4. When an accidental occurs in a ligature, the sharp or flat sign is printed on its proper line or space before the whole ligature, not immediately before the affected note. This is done merely to avoid separating the notes of the ligature.

  • 1
    I tried to use the spoiler tag to "hide" the quotation to save vertical screen space, but it didn't accomplish that end. My apologies. If there is another way to provide the information without being a massive truckload of text on screen, please let me know.
    – Neal
    Oct 7, 2020 at 17:44
  • Did you get the notation from here? books.google.com/books?id=c7n0AAAAMAAJ It looks like the same printing, but I don't see the editor's text in the Google book. Oct 7, 2020 at 20:42
  • Got it from here: imslp.org/wiki/The_Yattendon_Hymnal_(Various)
    – Neal
    Oct 7, 2020 at 20:44
  • Ah! IMSLP is 1899 edition, Google is 1905. Oct 7, 2020 at 20:47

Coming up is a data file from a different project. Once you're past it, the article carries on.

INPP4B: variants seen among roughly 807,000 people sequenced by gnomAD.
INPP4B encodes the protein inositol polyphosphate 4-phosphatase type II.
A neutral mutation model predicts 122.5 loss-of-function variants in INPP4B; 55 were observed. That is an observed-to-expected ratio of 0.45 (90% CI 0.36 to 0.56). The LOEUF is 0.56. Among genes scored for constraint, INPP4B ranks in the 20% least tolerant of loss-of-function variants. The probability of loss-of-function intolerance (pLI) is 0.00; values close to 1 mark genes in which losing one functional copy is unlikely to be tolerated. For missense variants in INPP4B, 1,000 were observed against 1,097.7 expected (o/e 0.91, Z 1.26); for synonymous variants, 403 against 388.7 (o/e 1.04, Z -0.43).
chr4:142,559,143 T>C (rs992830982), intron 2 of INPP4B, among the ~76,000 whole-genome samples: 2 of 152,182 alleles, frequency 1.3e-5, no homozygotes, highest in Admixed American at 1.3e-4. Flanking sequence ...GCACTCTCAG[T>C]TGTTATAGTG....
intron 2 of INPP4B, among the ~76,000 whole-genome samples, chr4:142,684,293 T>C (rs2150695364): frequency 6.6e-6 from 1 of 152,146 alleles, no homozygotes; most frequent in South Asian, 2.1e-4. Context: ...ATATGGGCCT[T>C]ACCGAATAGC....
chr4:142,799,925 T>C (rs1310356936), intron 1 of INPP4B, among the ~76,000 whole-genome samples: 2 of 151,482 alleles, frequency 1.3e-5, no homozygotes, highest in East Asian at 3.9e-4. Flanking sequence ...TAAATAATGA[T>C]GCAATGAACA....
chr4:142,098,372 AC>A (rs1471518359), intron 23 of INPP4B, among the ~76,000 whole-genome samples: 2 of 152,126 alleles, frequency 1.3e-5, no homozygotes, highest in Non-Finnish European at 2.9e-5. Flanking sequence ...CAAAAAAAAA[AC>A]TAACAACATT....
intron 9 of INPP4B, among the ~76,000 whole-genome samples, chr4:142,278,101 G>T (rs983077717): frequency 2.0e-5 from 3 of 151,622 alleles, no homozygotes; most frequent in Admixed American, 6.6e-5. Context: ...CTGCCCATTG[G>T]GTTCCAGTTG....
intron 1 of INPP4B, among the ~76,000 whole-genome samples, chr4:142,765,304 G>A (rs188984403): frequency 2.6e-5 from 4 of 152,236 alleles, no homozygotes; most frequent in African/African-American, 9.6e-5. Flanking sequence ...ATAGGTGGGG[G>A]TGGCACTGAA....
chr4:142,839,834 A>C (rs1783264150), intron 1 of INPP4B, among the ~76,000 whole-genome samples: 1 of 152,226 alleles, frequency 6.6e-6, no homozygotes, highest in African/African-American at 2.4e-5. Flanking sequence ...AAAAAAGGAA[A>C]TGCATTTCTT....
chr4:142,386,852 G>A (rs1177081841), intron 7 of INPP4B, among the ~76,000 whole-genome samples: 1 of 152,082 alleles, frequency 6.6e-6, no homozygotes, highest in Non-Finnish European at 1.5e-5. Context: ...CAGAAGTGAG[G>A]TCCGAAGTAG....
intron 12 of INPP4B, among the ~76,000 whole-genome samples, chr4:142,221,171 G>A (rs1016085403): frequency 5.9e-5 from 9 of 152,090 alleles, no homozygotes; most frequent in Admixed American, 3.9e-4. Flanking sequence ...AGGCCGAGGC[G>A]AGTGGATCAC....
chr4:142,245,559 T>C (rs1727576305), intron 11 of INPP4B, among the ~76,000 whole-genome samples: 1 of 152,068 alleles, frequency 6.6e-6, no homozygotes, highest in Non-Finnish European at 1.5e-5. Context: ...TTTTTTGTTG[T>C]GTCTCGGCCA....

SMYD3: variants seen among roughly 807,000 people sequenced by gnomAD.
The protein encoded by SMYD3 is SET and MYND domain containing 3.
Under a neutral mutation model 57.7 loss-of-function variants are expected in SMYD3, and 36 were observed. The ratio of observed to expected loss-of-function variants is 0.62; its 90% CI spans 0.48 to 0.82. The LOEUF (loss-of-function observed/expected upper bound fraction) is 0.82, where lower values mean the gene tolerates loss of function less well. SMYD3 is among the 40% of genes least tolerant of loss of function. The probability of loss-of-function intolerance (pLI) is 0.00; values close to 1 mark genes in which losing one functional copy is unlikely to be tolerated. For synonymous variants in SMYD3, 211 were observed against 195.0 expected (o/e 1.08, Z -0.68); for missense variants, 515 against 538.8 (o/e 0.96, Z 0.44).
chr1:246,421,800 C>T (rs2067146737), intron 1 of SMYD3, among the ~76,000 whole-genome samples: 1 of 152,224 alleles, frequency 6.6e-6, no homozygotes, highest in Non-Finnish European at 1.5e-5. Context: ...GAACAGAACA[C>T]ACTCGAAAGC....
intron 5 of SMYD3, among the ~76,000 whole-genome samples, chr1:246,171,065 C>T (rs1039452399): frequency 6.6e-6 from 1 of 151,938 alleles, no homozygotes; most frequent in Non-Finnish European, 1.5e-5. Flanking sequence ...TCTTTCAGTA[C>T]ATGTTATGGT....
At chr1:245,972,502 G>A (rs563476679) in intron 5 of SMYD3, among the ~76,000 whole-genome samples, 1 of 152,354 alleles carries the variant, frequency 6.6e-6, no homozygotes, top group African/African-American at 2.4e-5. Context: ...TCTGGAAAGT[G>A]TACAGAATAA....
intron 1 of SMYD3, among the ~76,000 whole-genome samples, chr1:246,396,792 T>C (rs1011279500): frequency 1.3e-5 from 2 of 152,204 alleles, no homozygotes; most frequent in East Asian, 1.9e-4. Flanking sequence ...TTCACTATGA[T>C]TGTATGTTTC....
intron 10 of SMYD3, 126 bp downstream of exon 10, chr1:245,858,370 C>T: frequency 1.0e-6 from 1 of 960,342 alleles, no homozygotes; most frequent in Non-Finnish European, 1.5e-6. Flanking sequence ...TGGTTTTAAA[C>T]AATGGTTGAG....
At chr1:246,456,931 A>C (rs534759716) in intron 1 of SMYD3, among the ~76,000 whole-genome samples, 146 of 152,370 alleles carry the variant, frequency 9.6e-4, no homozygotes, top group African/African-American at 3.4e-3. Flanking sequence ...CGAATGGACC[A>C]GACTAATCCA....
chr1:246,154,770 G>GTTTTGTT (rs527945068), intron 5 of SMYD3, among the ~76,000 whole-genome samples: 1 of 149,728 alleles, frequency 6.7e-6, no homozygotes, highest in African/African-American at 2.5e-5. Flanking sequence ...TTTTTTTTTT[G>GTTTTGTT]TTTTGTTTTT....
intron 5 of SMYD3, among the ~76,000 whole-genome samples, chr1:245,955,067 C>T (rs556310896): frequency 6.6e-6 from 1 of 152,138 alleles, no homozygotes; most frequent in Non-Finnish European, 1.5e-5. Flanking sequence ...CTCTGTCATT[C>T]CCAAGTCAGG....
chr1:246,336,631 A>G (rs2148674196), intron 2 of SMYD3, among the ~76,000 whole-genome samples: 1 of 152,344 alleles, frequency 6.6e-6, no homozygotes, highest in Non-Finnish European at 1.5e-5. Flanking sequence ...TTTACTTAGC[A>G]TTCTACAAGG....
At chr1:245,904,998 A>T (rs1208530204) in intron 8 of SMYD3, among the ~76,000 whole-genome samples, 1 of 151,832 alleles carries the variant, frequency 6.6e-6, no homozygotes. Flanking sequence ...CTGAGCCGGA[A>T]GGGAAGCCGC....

• This particular notation seems somewhat inconsistent with the other plainsong "rhythmic" transcriptions in the hymnal, so I don't know that there appears to be a specific reason having to do with the chant notation. If I had to guess (this is a guess, hence the comment rather than an answer), it has something to do with the bit in the commentary about not having "unyielding blocks" of rhythm, and the fact that the English translation is pretty consistently in iambic tetrameter (not the original Latin), making this a short syllable and justifying some variety with a shorter rhythmic value.
    – Athanasius
    Jul 26, 2021 at 3:58

1 Answer 1


My understanding is that old plainsong was deliberately non-metered. According to a book I have about hymnody the purpose was to distinguish it from secular, metered music.